Robert Adams is an American photographer who has focused on the changing landscape of the American West. His work first came to prominence in the mid-1970s through the book The New West
(1974) and the exhibition New Topographics: Photographs of a Man-Altered Landscape
(1975). He was a John Simon Guggenheim Memorial Foundation Fellow in photography in 1973 and 1980, and he received the MacArthur Foundation's MacArthur Fellowship in 1994.
Robert Adams, son of Lois Hickman Adams and Ross Adams, was born on May 8, 1937 in Orange, New Jersey. In 1940 they moved to Madison, New Jersey where his younger sister Carolyn was born. Then in 1947 he moved to Madison, Wisconsin for five years, where he contracted polio at age 12 in 1949 in his back, left arm, and hand but was able to recover. Moving one last time in 1952 his family goes to Wheat Ridge, Colorado, a suburb of Denver, when his father secured a job in Denver.
The final strength in really great photographs is that they suggest more than just what they show literally.
-- Robert Adams
His family moved to Colorado partly because of the chronic bronchial problems that he suffered from in Madison, New Jersey around age 5 as an attempt to help alleviate those problems. He continued to suffer from asthma and allergy problems. During his childhood, Adams often accompanied his father on walks and hikes through the woods on Sunday afternoons. He also enjoyed playing baseball in open fields and working with his father on carpentry projects. He was an active Boy Scout, and was also active with the Methodist church that his family attended. He and his father made several raft trips through Dinosaur National Monument, and during his adolescent years he worked at boys' camps at Rocky Mountain National Park in Colorado.
He also took trips on pack horses and went mountain climbing. He and his sister began visiting the Denver Art Museum. Adams also learned to like reading and it soon became an enjoyment for him. In 1955, he hunted for the last time. Adams enrolled in the University of Colorado, Boulder in 1955, and attended it for his freshman year, but decided to transfer the next year to the University of Redlands in California where he received his B.A. in English from Redlands in 1959. He continued his graduate studies at the University of Southern California and he received his Ph.D. in English in 1965. In 1960 while at Redlands, he met and married Kerstin Mornestam, Swedish native, who shared the same interest in the arts and nature. Robert and Kerstin spent their first few summers together in Oregon along the coast, where they took long walks on the beach and spent their evenings reading.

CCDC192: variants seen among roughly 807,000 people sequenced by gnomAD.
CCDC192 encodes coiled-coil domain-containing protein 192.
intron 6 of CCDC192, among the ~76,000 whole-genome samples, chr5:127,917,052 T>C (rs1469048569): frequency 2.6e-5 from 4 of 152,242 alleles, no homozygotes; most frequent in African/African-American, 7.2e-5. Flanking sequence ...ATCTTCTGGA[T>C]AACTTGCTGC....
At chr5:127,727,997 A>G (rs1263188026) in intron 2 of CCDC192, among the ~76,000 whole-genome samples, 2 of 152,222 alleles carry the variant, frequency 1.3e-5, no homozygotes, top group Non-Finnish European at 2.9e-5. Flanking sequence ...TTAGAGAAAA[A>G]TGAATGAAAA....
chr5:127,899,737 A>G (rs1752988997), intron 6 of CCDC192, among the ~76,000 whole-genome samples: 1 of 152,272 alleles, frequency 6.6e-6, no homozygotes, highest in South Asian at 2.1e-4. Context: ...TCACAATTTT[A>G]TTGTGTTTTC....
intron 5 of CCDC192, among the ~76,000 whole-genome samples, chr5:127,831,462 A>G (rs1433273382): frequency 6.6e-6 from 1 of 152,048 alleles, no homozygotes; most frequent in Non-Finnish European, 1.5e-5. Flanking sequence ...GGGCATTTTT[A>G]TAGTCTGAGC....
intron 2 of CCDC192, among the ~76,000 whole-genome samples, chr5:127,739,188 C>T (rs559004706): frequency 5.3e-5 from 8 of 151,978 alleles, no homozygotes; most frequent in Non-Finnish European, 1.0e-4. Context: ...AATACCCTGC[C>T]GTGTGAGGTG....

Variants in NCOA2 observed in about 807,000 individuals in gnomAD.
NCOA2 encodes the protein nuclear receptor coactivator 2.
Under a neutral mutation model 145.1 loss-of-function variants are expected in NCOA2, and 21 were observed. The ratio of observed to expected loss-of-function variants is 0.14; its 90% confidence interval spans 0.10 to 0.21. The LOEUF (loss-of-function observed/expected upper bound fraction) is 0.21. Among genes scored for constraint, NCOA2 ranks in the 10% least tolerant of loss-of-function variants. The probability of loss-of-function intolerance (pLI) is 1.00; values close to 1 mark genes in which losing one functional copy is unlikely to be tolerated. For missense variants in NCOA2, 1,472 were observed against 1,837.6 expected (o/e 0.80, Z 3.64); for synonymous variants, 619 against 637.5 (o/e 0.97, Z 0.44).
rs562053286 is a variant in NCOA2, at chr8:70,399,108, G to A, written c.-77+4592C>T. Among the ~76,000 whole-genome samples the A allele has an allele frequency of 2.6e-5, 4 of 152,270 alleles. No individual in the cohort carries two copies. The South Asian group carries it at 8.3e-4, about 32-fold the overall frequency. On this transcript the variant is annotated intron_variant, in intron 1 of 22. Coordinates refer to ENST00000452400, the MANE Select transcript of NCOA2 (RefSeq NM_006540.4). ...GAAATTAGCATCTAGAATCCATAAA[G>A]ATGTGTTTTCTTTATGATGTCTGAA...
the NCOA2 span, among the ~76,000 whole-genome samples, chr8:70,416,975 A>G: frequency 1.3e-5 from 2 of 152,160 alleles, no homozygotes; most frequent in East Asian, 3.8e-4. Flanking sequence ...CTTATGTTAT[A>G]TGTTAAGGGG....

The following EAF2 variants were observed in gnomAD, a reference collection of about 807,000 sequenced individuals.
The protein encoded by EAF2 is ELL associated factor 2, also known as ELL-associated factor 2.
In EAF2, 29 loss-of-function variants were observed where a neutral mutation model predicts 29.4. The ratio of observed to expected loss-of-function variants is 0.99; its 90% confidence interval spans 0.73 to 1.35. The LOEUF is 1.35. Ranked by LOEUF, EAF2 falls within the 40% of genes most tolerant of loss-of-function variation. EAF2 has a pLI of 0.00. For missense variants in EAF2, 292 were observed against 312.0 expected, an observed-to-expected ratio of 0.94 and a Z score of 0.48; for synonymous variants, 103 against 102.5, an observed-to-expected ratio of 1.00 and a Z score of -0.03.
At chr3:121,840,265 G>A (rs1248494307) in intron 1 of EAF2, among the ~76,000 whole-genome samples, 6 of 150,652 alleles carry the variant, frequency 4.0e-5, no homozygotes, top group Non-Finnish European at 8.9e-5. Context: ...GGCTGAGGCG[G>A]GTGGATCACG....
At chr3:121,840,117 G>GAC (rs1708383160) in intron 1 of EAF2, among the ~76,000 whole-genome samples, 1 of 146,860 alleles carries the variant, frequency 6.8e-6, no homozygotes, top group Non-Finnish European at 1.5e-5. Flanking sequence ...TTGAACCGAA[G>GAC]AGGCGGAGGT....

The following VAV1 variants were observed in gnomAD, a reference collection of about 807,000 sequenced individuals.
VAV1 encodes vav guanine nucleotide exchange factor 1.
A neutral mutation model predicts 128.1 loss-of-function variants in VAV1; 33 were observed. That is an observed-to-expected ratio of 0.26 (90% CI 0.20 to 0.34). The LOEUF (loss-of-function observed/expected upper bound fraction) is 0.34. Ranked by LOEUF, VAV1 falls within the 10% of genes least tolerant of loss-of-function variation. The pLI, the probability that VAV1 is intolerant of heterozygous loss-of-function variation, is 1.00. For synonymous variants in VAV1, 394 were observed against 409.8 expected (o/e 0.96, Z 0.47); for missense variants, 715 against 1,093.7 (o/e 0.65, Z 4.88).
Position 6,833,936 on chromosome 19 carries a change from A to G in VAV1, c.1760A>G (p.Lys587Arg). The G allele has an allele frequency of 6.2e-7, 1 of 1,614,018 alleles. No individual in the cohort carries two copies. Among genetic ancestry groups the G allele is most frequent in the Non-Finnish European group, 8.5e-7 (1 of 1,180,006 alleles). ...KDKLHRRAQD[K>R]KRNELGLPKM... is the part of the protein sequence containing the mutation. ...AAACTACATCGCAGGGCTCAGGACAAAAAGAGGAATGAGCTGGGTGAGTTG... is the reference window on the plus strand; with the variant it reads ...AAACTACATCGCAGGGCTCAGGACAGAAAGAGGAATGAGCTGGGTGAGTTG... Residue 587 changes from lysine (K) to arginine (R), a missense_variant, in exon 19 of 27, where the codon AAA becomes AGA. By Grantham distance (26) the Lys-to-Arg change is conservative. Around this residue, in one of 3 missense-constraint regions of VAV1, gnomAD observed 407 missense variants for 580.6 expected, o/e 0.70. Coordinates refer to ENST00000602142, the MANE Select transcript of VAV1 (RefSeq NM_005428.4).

In 1962 they moved back to Colorado, and Adams began teaching English at Colorado College in Colorado Springs. In 1963, Adams bought a 35mm reflex camera and began to take pictures mostly of nature and architecture. He soon read complete sets of Camera Work and Aperture
at the Colorado Springs Fine Arts Center. He learned photographic technique from Myron Wood
, a professional photographer who lived in Colorado. While finishing his dissertation, he began to photograph in 1964. In 1967, he began to teach only part-time in order to have more time to photograph. He met John Szarkowski
, then curator of photography at the Museum of Modern Art
, on a trip to New York City in 1969. The museum later bought four of his prints. In 1970, he began working as a full-time photographer.
Nature photography… that acknowledges what is wrong, is admittedly sometimes hard to bear—it has to encompass our mistakes. Yet in the long run, it is important; in order to endure our age of apocalypse, we have to be reconciled not only to avalanche and hurricane, but to ourselves.
-- Robert Adams
Robert Adams is an American photographer best known for his images of the American West. Offering solemn meditations on the landscapes of California, Colorado, and Oregon, Adams’s black-and-white photos document the changes wrought by humans upon nature. “By Interstate 70: a dog skeleton, a vacuum cleaner, TV dinners, a doll, a pie, rolls of carpet. Later, next to the South Platte River: algae, broken concrete, jet contrails, the smell of crude oil,”
he wrote. “What I hope to document, though not at the expense of surface detail, is the form that underlies this apparent chaos.”
Born on May 8, 1937 in Orange, NJ, his family moved around the Midwest throughout his childhood, finally settling in Wheat Ridge, CO in 1952. Adams went on to study English at the University of Redlands and received his PhD in English from the University of Southern California in 1965. It wasn’t until the near completion of his dissertation for USC that Adams began to take photography seriously, learning techniques from professional photographer Myron Wood
and reading Aperture
magazine. In the 1970s, he was released the book The New West
(1974), and a year later was included in the seminal exhibition New Topographics: Photographs of a Man-Altered Landscape.
Adams has twice been the recipient of the Guggenheim Fellowship
and once the recipient of a MacArthur Fellowship. Adams lives and works in Astoria, OR. Today, his works can be found in the collections of the Whitney Museum of American Art
in New York, the National Gallery of Art
in Washington, D.C., and the Los Angeles County Museum of Art
, among others.